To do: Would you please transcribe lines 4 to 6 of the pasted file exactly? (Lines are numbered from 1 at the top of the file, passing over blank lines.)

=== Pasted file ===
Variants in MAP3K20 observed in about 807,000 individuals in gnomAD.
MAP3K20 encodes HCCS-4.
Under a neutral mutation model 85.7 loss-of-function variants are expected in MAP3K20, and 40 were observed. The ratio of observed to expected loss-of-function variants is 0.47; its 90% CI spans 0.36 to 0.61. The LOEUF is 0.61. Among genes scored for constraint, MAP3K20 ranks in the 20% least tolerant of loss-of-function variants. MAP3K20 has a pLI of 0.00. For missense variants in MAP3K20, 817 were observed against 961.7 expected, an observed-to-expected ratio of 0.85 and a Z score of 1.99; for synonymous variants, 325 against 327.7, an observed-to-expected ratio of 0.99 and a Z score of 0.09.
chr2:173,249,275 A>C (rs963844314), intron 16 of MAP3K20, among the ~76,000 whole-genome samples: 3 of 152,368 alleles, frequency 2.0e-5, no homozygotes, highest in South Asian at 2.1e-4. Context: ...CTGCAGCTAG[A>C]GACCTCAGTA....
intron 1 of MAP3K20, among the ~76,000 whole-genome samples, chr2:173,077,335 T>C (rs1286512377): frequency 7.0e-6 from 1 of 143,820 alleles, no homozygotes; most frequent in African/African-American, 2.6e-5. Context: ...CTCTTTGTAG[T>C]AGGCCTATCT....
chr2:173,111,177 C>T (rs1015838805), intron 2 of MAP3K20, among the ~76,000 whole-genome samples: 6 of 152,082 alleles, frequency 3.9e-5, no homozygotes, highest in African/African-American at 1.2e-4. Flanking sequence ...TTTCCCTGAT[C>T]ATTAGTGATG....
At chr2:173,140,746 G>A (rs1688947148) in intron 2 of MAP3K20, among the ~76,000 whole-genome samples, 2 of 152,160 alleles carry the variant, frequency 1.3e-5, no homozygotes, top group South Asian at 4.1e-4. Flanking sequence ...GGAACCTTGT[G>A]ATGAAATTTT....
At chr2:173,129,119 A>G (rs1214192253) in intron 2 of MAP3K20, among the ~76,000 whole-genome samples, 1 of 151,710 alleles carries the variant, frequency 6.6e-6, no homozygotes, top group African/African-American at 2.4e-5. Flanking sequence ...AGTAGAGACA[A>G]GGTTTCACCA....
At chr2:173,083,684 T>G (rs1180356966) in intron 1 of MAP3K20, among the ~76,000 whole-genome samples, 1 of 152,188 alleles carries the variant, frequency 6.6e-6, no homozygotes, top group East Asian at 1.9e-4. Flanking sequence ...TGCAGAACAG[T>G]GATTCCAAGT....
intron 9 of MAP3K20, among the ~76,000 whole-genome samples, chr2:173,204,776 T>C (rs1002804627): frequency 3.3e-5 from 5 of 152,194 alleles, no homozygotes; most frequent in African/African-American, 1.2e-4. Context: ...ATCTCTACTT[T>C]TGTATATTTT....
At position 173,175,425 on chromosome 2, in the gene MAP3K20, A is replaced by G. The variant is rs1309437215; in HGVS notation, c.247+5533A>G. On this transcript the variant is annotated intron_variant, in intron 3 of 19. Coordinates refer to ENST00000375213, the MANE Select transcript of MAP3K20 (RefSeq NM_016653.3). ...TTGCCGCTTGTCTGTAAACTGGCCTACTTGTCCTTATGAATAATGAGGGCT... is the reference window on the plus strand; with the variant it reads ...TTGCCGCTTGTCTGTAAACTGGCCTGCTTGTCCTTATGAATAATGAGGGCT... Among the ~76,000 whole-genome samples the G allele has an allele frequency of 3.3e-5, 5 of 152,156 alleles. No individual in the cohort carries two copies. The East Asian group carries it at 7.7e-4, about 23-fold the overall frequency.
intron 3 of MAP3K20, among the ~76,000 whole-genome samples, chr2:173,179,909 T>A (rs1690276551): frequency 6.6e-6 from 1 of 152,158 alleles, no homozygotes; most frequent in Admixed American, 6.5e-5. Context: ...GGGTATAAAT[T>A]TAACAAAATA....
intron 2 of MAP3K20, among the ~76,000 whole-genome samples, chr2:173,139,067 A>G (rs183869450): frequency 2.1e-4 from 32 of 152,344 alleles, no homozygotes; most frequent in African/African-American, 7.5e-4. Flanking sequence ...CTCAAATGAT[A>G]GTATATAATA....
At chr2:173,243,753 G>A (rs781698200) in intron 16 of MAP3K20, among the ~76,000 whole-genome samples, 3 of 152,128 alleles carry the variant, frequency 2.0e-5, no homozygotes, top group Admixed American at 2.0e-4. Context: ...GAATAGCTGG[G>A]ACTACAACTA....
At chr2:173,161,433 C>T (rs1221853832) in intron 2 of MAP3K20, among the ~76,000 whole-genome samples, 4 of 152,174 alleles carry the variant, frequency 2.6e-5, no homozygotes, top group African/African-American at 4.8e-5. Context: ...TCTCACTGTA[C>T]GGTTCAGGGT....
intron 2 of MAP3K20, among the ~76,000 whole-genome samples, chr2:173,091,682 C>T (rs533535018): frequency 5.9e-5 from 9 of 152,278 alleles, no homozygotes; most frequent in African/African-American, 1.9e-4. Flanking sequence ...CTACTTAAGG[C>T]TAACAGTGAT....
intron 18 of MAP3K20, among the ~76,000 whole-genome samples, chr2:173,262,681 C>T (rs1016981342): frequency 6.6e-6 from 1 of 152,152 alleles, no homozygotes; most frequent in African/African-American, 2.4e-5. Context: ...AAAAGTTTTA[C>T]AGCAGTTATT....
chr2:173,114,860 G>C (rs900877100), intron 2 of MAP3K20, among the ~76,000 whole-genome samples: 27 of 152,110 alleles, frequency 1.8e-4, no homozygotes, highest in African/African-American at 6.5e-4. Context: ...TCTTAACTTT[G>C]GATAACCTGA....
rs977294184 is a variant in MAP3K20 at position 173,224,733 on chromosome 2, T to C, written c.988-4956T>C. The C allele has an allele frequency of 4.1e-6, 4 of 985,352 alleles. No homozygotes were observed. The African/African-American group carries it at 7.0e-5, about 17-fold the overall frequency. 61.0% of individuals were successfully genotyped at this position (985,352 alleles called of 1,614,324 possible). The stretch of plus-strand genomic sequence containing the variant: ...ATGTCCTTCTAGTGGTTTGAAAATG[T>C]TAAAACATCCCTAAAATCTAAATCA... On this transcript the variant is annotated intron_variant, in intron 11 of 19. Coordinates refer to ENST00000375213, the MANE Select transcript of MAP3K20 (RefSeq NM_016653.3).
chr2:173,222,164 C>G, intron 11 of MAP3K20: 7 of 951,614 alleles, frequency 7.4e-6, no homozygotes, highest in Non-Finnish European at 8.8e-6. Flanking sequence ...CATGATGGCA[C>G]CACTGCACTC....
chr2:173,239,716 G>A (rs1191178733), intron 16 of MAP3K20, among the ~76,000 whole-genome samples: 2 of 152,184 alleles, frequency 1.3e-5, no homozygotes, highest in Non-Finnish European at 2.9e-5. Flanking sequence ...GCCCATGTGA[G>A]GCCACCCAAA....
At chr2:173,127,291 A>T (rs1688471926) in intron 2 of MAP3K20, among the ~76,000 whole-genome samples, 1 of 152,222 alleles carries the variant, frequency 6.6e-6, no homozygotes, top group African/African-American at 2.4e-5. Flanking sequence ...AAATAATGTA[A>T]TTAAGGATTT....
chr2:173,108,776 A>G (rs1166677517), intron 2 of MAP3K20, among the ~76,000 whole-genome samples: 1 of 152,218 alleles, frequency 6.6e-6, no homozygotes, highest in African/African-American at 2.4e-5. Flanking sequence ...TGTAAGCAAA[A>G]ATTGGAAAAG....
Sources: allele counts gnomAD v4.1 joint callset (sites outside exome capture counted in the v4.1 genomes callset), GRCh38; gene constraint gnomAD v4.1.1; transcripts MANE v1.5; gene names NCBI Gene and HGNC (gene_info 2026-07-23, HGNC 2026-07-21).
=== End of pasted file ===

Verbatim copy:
chr2:173,249,275 A>C (rs963844314), intron 16 of MAP3K20, among the ~76,000 whole-genome samples: 3 of 152,368 alleles, frequency 2.0e-5, no homozygotes, highest in South Asian at 2.1e-4. Context: ...CTGCAGCTAG[A>C]GACCTCAGTA....
intron 1 of MAP3K20, among the ~76,000 whole-genome samples, chr2:173,077,335 T>C (rs1286512377): frequency 7.0e-6 from 1 of 143,820 alleles, no homozygotes; most frequent in African/African-American, 2.6e-5. Context: ...CTCTTTGTAG[T>C]AGGCCTATCT....
chr2:173,111,177 C>T (rs1015838805), intron 2 of MAP3K20, among the ~76,000 whole-genome samples: 6 of 152,082 alleles, frequency 3.9e-5, no homozygotes, highest in African/African-American at 1.2e-4. Flanking sequence ...TTTCCCTGAT[C>T]ATTAGTGATG....